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Current, Greece has a debt of roughly 175% of GDP. The new government has announced it wishes to negotiate a write-off, something Eurozone leaders have so far refused. From prior knowledge and this post, I understand that governments may want to stimulate consumption when the economy is doing poorly, and have budget surpluses / pay off debt when the economy is doing well. Since the beginning of austerity, the Greek economy has shrunk by 25%, and unemployment is now 27%. I have mainly read economical opinions arguing that austerity is harmful and needs to stop, but I the sources I read are probably not representative.

Is there any historical precedent of a country that recovered from a 175% debt, without either having substantial debt write-off, or a currency devaluation? By recovering I mean: returning to substantial economic growth, increasing standards of living compared to crisis conditions, and a public debt shrinking to become substantially less than 100%. If so, how did they do it?

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By one estimate (here is another) , as a result of WWII, the United Kingdom saw a debt of more than 200 percent of GDP. They never defaulted on their debt after reaching that level. I believe they never did anything radical, just systematically growing government spending more slowly than national income, thus gradually eroding the debt as a fraction of GDP.

The paper Sustainability of High Public Debt: What the Historical Record Shows may also be of interest.

The paper looks into the debt histories of three European countries, Britain, France, and Germany, to study three questions. First, are there historical parallels to the accumulation of high debt in peacetime that has taken place in the past decades? The answer to this is mostly in the negative. National debt was high during long periods but usually related to wars or their financial aftermath. Second, how were large debts reduced, and that were the factors determining decision-making? Recent research has emphasized the role of social conflict in this context. We find that although this may play a role, the dominant effect may have come from international financial relations. Third, what are the macroeconomic effects of budget stabilization, and does it pay off for a country to repudiate or inflate away its debt? The short-run evidence is mixed, as the success of debt default has varied considerably. In the long run, however, stabilizing the budget pays off, as there seem to be no lasting adverse effects of fiscal austerity on a nation's growth performance.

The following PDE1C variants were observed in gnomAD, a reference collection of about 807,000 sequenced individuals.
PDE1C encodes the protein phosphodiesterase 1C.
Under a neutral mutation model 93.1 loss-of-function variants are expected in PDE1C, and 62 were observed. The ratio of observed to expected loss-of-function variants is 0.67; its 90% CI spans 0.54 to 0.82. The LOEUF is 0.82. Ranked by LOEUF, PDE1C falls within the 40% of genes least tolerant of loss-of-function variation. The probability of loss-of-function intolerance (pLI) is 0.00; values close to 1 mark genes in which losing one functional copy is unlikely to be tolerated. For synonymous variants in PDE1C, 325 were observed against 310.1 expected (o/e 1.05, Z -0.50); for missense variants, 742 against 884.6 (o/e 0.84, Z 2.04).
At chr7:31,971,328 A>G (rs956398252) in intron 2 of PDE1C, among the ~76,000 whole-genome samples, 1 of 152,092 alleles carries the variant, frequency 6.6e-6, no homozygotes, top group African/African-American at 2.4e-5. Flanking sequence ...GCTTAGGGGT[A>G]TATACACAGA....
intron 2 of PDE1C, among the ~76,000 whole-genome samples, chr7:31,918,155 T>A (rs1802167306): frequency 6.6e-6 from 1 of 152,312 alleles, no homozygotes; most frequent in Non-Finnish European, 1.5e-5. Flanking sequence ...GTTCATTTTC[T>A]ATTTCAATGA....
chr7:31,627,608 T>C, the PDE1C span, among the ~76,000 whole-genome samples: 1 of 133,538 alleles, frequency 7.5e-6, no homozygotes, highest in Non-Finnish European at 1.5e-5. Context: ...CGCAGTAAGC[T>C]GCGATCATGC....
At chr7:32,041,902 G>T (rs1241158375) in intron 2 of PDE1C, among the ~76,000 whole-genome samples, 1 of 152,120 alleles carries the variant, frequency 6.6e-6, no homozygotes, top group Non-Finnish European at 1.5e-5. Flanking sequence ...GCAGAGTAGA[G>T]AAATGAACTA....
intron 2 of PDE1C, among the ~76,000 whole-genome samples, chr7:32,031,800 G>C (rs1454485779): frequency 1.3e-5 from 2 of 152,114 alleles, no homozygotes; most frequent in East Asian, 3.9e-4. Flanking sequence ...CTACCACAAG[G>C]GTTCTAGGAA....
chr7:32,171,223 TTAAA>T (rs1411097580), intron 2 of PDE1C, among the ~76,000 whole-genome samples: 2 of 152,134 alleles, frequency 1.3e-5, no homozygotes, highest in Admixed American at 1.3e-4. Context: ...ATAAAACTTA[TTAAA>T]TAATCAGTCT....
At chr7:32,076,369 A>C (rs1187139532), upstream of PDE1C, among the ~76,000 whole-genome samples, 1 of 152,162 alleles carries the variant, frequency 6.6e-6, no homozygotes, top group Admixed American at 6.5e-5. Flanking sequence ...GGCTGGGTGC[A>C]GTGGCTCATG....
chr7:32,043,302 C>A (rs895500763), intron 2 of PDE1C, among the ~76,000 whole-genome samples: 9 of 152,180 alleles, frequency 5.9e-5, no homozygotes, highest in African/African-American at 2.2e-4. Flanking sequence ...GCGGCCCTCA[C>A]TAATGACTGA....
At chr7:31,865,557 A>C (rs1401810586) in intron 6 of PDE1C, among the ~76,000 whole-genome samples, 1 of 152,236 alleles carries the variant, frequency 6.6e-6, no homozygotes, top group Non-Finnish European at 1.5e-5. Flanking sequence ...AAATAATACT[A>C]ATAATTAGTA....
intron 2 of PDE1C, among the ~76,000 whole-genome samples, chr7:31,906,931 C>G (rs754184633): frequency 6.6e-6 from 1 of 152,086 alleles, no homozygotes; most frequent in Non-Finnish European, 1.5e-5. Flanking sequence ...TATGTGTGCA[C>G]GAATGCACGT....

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  • $\begingroup$ Any internal-external debt division? Just thinking that external public debt in the currency you can't print ends with a default more often. $\endgroup$ – Anton Tarasenko Jun 30 '15 at 18:06
  • $\begingroup$ This could make for an excellent and topical new question. $\endgroup$ – BKay Jun 30 '15 at 18:18
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The most widely used mechanisms for crisis recovery in the developed world are:

  • Quantitative easing, QE, which is basically the monetization of goods and services from the private sector in exchange for bonds. Successfully implemented in the US.

  • Austerity, or local devaluation in terms of reducing the wages and prices, which is done by the reducing of public spending and proceeding towards a direction of minimal state, that will mean minimal spending.

It should be noted that crisis recovery is strongly related with the present state and structure of the local, regional and global economy and thereby depends on different parameters, as it works by different rules1. Consequently, I wouldn't consider thinking by analogy, i.e. in terms of historical precedence a valid strategy for problem solution.

The problem should be (could be) tackled only in terms of first principles of the economy, in your case in terms of first principles of the EU economy, which will inevitably result in a solution lying outside Greece itself and more specifically in the rebooting of the EU zone and recompilation of the regulations governing it in the direction of a economically (and politically) equal / homogeneous monetary union with surplus recycling mechanisms that assure the financial distribution in the deficit countries in the form of productive investments (that will in turn produce the needed growth), instead of distributions in the form of loans (as in the current situation).


1. The currently established economic and political regulations.

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